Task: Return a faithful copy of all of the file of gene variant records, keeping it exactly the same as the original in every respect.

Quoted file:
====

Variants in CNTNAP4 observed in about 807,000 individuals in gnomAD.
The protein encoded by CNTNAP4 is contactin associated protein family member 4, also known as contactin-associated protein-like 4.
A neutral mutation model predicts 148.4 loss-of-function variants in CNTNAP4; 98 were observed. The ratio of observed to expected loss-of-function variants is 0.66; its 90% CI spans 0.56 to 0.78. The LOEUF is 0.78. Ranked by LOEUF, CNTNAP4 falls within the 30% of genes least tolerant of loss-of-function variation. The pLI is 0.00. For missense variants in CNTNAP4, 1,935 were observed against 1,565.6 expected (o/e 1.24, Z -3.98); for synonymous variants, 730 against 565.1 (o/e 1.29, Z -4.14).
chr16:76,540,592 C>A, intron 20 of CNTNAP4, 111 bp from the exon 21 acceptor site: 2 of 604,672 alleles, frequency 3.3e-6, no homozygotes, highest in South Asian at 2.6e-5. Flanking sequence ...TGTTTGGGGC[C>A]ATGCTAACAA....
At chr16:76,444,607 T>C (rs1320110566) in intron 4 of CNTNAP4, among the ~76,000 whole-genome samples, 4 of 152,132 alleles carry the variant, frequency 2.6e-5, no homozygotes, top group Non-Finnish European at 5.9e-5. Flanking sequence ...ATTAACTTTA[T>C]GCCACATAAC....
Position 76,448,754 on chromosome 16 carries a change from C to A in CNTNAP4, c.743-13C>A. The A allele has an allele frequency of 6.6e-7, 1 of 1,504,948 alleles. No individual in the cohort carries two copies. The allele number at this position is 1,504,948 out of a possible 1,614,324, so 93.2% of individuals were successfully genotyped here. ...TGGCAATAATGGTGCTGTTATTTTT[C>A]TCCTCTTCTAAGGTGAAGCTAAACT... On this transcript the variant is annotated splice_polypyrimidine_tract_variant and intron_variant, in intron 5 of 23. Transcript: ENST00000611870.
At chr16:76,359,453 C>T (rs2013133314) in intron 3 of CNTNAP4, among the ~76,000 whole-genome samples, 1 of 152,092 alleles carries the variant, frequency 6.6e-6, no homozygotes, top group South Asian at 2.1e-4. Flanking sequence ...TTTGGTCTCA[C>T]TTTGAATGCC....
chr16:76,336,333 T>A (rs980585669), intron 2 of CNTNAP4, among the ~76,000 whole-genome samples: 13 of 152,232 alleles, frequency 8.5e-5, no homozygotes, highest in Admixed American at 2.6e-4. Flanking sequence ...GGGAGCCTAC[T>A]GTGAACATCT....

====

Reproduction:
Variants in CNTNAP4 observed in about 807,000 individuals in gnomAD.
The protein encoded by CNTNAP4 is contactin associated protein family member 4, also known as contactin-associated protein-like 4.
A neutral mutation model predicts 148.4 loss-of-function variants in CNTNAP4; 98 were observed. The ratio of observed to expected loss-of-function variants is 0.66; its 90% CI spans 0.56 to 0.78. The LOEUF is 0.78. Ranked by LOEUF, CNTNAP4 falls within the 30% of genes least tolerant of loss-of-function variation. The pLI is 0.00. For missense variants in CNTNAP4, 1,935 were observed against 1,565.6 expected (o/e 1.24, Z -3.98); for synonymous variants, 730 against 565.1 (o/e 1.29, Z -4.14).
chr16:76,540,592 C>A, intron 20 of CNTNAP4, 111 bp from the exon 21 acceptor site: 2 of 604,672 alleles, frequency 3.3e-6, no homozygotes, highest in South Asian at 2.6e-5. Flanking sequence ...TGTTTGGGGC[C>A]ATGCTAACAA....
At chr16:76,444,607 T>C (rs1320110566) in intron 4 of CNTNAP4, among the ~76,000 whole-genome samples, 4 of 152,132 alleles carry the variant, frequency 2.6e-5, no homozygotes, top group Non-Finnish European at 5.9e-5. Flanking sequence ...ATTAACTTTA[T>C]GCCACATAAC....
Position 76,448,754 on chromosome 16 carries a change from C to A in CNTNAP4, c.743-13C>A. The A allele has an allele frequency of 6.6e-7, 1 of 1,504,948 alleles. No individual in the cohort carries two copies. The allele number at this position is 1,504,948 out of a possible 1,614,324, so 93.2% of individuals were successfully genotyped here. ...TGGCAATAATGGTGCTGTTATTTTT[C>A]TCCTCTTCTAAGGTGAAGCTAAACT... On this transcript the variant is annotated splice_polypyrimidine_tract_variant and intron_variant, in intron 5 of 23. Transcript: ENST00000611870.
At chr16:76,359,453 C>T (rs2013133314) in intron 3 of CNTNAP4, among the ~76,000 whole-genome samples, 1 of 152,092 alleles carries the variant, frequency 6.6e-6, no homozygotes, top group South Asian at 2.1e-4. Flanking sequence ...TTTGGTCTCA[C>T]TTTGAATGCC....
chr16:76,336,333 T>A (rs980585669), intron 2 of CNTNAP4, among the ~76,000 whole-genome samples: 13 of 152,232 alleles, frequency 8.5e-5, no homozygotes, highest in Admixed American at 2.6e-4. Flanking sequence ...GGGAGCCTAC[T>A]GTGAACATCT....